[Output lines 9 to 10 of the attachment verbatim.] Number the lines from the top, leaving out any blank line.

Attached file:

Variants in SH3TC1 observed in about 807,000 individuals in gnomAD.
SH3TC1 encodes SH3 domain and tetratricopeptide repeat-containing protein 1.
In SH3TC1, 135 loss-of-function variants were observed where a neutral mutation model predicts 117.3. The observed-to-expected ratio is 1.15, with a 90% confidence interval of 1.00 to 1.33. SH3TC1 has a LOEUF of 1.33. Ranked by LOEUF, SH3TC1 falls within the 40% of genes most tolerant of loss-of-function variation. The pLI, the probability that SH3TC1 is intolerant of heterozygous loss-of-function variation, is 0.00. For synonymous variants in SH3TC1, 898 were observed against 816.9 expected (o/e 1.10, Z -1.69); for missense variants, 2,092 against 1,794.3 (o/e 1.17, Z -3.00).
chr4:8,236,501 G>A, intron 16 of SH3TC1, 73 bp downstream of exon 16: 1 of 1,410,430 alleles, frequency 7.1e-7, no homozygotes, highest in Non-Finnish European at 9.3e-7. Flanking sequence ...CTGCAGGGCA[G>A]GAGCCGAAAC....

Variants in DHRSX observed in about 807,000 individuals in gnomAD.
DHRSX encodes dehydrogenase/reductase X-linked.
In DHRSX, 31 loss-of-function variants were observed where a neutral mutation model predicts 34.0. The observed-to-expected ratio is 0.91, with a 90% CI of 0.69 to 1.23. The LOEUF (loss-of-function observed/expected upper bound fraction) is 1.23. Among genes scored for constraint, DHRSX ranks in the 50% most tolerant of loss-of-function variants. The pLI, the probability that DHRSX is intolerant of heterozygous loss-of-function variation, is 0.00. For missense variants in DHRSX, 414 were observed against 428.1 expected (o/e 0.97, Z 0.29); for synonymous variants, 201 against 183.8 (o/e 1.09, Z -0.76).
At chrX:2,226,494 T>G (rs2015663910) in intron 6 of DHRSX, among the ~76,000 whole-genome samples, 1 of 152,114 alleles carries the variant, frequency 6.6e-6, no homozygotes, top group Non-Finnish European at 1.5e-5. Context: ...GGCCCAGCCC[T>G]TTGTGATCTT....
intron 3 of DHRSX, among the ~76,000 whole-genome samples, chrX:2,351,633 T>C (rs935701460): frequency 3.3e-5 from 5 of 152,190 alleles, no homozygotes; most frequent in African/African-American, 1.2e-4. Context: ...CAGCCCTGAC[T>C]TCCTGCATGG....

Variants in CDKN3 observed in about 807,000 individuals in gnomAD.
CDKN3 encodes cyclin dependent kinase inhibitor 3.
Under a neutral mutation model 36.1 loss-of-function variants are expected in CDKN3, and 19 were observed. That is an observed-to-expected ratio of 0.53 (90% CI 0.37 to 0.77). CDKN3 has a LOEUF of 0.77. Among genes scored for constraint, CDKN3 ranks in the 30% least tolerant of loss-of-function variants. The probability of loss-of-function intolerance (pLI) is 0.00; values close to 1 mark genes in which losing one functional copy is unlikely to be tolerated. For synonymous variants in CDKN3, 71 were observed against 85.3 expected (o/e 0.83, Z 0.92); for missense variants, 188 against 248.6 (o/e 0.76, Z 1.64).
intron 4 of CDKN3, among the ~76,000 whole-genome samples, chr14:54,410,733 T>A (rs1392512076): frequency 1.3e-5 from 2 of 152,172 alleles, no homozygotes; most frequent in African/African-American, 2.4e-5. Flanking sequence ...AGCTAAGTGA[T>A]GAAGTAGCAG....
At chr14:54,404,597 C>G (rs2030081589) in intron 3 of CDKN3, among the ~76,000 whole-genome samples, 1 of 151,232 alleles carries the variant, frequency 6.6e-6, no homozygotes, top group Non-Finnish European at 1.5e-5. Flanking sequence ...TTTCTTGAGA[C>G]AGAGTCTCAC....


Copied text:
intron 3 of DHRSX, among the ~76,000 whole-genome samples, chrX:2,351,633 T>C (rs935701460): frequency 3.3e-5 from 5 of 152,190 alleles, no homozygotes; most frequent in African/African-American, 1.2e-4. Context: ...CAGCCCTGAC[T>C]TCCTGCATGG....

Variants in CDKN3 observed in about 807,000 individuals in gnomAD.